Wednesday, October 12, 2011


Shamefully, the group is often overlooked in the ranks of British Invasion bands, but when you add up the hits, they score much higher than the Freddies and Gerry's, and there's no question the talent level was higher as well. This DVD is part of a strong and on-going series on Invasion groups, that showed promise with last year's first four, including a bang-up Dusty Springfield documentary. The Hollies one is the best so far, clocking in at two hours, and including every song used in its entire original length in the bonus features.

There was lots of lip-synching in those days, or groups singing live over pre-recorded tracks. Thankfully, the producers here have found plenty of full live performances, from sources all over Europe and North America. That alone is historically important and collectable for fans. They've also done a great job with the overall story-telling, allowing the group members to take it from the start to the practical end in the mid-70's, and ignoring the occasional reunion. There are subtle but important touches, as when Allen Clarke and Graham Nash explain they were obsessed with harmonies, but it was the addition of the third voice, Tony Hicks, that made the group special. Every important group member of the early days takes part, with candid but loving thoughts on amazing times from almost 50 years ago. There's lots of praise and talk of friendship, and no bitterness. They do talk about the tough times, the fights, but it's with some sober second thoughts, and a lot more maturity. If there's any enmity toward Nash now for quitting the group in 1968, its overshadowed by the ability to look at the situation now and see his side of the story.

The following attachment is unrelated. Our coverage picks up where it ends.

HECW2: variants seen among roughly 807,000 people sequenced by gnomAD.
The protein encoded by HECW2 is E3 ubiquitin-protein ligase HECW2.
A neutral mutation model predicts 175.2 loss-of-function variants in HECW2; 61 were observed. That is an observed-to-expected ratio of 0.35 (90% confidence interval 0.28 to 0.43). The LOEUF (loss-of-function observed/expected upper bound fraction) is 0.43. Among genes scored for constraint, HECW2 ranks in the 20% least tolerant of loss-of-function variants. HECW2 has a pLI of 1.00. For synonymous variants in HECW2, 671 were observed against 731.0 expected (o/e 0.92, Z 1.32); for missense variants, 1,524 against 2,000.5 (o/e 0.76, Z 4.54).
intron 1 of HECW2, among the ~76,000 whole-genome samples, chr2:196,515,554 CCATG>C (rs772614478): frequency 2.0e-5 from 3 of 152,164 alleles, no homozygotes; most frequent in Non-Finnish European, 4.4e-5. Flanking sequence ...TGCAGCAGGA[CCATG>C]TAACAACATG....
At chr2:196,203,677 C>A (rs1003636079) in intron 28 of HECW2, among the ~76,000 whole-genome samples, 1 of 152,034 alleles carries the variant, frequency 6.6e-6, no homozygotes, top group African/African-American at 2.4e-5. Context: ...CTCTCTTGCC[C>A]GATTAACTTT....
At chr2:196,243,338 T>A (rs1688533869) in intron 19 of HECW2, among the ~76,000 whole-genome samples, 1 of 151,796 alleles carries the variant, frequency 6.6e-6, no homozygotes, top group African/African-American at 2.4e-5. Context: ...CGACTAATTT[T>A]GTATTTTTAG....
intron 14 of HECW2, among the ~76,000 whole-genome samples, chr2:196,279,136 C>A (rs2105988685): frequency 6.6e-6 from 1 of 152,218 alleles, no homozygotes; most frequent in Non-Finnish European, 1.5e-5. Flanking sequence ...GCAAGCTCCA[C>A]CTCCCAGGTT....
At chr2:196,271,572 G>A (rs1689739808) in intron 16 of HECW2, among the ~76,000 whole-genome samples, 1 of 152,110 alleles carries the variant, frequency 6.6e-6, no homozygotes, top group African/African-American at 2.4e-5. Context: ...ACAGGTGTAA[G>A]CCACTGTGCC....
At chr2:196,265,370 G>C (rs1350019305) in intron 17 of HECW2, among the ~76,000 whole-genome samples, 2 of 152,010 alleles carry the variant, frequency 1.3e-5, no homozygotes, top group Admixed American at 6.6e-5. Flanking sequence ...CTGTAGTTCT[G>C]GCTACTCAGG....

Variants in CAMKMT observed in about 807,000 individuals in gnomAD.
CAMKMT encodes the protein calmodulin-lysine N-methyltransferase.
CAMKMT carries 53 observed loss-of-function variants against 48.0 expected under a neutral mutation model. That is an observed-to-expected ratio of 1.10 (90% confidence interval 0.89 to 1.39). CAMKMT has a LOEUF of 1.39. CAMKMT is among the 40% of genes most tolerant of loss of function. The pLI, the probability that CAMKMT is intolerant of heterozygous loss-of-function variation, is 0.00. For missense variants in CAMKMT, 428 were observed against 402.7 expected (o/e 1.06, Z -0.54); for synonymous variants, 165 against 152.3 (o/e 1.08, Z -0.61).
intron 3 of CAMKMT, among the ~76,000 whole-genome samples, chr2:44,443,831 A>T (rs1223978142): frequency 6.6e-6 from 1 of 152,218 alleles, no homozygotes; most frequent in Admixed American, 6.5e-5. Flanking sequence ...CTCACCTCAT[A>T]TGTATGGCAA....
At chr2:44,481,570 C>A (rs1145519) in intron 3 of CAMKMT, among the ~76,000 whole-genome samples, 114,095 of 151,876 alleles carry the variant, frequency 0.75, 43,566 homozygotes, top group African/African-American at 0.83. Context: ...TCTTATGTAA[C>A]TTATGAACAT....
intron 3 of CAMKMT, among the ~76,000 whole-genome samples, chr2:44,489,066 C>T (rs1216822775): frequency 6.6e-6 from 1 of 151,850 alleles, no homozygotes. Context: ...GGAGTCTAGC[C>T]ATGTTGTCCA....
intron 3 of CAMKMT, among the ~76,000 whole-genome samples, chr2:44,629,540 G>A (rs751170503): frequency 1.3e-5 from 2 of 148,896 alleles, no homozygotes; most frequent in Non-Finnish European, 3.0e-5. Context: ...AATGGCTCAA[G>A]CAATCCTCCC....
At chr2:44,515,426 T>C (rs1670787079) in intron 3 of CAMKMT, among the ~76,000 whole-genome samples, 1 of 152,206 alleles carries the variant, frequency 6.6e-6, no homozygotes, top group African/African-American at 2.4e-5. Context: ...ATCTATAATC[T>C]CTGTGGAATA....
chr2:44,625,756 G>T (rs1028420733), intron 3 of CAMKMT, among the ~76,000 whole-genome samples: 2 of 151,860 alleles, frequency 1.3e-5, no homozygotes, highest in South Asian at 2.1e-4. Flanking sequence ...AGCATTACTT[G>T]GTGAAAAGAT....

You get that oft-told tale, how the fairly-progressive King Midas In Reverse failed on the charts, and the group was told to get back to simple stuff for the kids, so eventually Nash got fed up and left. It's a pivotal moment in rock history, leading to CSN. But if overshadows The Hollies hits before and after too often, and we get an ear-and-eyeful of them to remind us. Dig the driving bass on On A Carousel, the intricate arrangement on I Can't Let Go, and of course the vocal power on Bus Stop. Plus, not too many 60's groups were able to survive into the 70's, yet The Hollies did so with even bigger U.S. hits, Long Cool Woman and The Air That I Breathe. In these days of scandal-to-scandal coverage of pop stars, it's refreshing to watch a two-hour movie that shows the progression of a group, concentrating on the music. Nobody got busted or shot in this film, and I liked that better.

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